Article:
But they continued: “The third point could be turned into a Yankee brain-teaser. The North, in 1866, removed the Southern states from the Union. This was the same North that in 1861 refused to allow the South to secede from the Union. This same North now declared the Southern states to be non-states. To get back into the Union (that originally the South did not want to be part of anyway, and from which it had previously been denied the right to secede), it was required to perform the function of a state in that Union, while still officially no longer a part of that Union, by ratifying an amendment that previously as states in the Union it had legally rejected! Words alone fail to meet the challenge of such pure Yankee logic.” Almost makes you wonder what brand of revolutionary weed Stevens and his pals had been smoking!
Some have, upon reflection, observed that the adoption of the 14th Amendment opened the door for the adoption of the 17th Amendment, the direct election of Senators by popular vote. One can, almost in overview, see an evolutionary process in this, whereby we first lose our state citizenship, then, eventually, even national citizenship, until we all finally become “citizens of the world” much like Karl Marx’s “workers of the world.” Don’t supposed there might be any connection do you?
So Thaddeus Stevens was a moving force in helping to bury the concept of state citizenship in favor of national citizenship. The naïve might be tempted to be charitable and feel that Stevens didn’t fully realize just what he was doing. Sorry, but I have a suspicious mind. Stevens, the professional South-hater, knew exactly what he was doing!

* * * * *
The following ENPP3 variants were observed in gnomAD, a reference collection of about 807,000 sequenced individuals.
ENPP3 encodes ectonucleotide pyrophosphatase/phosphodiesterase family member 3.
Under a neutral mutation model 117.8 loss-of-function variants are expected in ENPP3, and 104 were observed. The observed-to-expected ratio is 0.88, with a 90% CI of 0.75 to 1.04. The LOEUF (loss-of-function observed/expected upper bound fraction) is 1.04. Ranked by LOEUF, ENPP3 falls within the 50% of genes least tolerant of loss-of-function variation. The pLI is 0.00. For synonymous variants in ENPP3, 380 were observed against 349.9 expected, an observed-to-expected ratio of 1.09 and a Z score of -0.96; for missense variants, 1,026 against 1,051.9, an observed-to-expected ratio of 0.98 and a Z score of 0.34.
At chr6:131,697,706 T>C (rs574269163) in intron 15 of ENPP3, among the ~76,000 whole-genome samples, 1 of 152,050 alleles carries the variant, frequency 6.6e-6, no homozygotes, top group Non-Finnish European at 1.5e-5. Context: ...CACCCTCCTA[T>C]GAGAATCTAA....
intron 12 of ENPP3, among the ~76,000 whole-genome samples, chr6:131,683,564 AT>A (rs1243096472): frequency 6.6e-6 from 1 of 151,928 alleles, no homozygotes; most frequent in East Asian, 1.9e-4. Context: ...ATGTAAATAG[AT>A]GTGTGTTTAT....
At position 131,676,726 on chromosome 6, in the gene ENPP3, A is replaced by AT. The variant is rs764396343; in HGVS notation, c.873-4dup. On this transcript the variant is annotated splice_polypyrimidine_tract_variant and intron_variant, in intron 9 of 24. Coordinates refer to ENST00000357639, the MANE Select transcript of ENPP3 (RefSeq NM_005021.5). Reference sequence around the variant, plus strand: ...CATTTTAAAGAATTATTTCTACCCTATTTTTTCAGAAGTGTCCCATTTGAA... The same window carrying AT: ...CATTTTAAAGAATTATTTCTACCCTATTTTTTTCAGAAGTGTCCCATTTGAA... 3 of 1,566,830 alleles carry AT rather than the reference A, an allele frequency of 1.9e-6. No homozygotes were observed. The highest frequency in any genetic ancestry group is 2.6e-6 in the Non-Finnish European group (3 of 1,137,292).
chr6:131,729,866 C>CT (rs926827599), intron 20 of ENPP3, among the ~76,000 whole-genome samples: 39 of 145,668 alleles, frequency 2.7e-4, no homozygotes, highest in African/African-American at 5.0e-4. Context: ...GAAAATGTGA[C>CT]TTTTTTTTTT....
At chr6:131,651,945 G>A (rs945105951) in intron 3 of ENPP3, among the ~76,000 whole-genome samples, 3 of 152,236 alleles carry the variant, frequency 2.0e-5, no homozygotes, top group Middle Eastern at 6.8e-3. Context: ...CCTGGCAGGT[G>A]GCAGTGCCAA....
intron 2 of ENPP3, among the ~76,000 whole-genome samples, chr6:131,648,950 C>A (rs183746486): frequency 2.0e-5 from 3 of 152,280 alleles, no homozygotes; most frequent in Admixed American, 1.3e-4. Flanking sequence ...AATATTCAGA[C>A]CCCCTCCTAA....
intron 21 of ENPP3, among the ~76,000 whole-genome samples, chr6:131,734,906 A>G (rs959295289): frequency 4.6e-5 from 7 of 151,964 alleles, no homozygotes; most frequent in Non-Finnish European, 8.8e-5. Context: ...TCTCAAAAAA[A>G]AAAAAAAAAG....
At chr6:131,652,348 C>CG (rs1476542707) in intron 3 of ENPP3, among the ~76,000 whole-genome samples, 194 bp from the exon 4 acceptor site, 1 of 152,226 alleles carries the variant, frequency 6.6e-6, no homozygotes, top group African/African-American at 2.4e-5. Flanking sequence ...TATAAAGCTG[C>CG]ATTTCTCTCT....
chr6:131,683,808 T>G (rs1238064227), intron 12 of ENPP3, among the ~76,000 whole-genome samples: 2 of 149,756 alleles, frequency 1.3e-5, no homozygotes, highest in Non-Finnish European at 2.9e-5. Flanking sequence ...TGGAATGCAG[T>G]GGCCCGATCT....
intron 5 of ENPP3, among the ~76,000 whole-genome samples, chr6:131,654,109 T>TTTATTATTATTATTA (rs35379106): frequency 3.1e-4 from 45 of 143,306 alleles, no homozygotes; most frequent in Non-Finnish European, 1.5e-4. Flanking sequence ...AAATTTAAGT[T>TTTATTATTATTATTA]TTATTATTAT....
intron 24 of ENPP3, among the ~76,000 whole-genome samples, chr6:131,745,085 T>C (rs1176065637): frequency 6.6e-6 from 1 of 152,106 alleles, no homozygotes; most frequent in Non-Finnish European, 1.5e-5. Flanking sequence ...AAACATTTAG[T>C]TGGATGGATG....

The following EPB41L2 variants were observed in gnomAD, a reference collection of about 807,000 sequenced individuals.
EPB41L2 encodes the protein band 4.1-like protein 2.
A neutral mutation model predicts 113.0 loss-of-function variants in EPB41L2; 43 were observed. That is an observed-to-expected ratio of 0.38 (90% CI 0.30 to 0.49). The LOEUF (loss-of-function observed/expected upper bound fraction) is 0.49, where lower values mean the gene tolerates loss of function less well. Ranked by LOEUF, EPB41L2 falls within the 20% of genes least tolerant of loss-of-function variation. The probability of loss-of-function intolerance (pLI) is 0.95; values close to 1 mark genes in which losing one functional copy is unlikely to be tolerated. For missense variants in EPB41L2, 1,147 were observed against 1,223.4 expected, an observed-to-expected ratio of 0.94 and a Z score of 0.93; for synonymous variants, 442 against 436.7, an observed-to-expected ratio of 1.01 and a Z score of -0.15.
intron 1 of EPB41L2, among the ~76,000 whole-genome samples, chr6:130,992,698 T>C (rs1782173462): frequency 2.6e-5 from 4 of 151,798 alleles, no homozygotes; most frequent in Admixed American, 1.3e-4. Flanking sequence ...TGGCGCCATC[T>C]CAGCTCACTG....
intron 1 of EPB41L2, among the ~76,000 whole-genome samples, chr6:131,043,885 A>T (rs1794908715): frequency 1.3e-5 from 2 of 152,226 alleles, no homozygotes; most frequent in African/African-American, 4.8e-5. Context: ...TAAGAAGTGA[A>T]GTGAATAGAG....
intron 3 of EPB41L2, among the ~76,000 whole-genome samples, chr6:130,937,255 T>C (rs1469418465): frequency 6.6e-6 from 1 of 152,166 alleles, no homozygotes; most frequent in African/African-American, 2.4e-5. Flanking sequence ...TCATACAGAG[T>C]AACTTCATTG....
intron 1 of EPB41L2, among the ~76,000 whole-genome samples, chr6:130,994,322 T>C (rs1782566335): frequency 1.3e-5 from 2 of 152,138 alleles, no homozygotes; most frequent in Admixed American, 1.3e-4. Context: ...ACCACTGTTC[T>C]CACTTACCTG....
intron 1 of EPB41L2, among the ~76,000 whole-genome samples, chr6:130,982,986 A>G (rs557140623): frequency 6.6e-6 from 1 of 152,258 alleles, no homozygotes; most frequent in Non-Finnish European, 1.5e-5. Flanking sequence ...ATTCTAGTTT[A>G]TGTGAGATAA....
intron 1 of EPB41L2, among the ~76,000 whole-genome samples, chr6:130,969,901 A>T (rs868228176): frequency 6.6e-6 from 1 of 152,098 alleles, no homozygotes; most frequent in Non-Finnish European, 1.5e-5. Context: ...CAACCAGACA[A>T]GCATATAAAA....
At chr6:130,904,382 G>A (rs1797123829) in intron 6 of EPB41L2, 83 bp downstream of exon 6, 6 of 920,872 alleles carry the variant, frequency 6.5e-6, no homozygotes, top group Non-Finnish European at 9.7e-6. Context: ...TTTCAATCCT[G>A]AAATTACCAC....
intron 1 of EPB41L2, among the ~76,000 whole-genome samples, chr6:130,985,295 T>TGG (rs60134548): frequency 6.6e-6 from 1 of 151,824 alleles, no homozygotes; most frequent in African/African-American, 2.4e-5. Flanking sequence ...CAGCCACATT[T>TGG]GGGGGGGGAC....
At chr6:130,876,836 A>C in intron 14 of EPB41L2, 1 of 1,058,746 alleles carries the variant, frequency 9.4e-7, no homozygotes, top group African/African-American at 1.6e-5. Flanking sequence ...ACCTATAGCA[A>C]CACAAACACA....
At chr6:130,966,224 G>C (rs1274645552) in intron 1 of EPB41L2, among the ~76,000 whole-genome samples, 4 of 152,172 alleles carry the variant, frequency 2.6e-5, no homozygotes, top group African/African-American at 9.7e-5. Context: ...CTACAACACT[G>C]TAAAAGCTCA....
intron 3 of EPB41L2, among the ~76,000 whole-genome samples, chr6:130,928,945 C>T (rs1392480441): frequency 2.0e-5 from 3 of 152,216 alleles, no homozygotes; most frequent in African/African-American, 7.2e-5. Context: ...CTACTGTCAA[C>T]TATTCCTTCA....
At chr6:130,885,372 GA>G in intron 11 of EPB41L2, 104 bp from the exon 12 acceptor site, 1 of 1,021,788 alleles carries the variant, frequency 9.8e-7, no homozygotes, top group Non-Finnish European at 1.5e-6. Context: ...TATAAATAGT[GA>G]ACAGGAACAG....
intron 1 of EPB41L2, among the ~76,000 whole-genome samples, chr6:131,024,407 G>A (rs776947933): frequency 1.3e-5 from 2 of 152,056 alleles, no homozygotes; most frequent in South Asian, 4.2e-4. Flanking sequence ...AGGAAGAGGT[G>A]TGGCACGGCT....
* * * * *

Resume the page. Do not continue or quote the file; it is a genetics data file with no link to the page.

Stevens and his crowd were apostate revolutionaries of the first order. Their main agenda was to alter the American system of government, taking care to maintain the forms while changing the real substance. Unfortunately their revolution succeeded. We today are living with the results of what they did. Whatever its faults, and they were numerous, the system of government the founders gave us died with the Southern loss of the Marxist/Lincolnist Revolution of 1861. Those who fail to recognize this have missed the boat. We hear so much talk today from sincere folks who have not been on the firing line long enough to know the difference. They shout about “taking America back.” Back to what??? What most of them fail to realize is that what they want to take us back to is what they grew up with–the “good old days.” Won’t happen, because their “good old days” happened way after the revolution had been accomplished. They are 150 years too late! You hear the same refrain from them regarding the public school system. They want to take it back to where it was when they grew up, not realizing that it had already been in revolutionary mode back in the 1830s in his heyday. When something has been bad since day one, what do you “reform” it back to–pre-existence? That might not be a bad idea!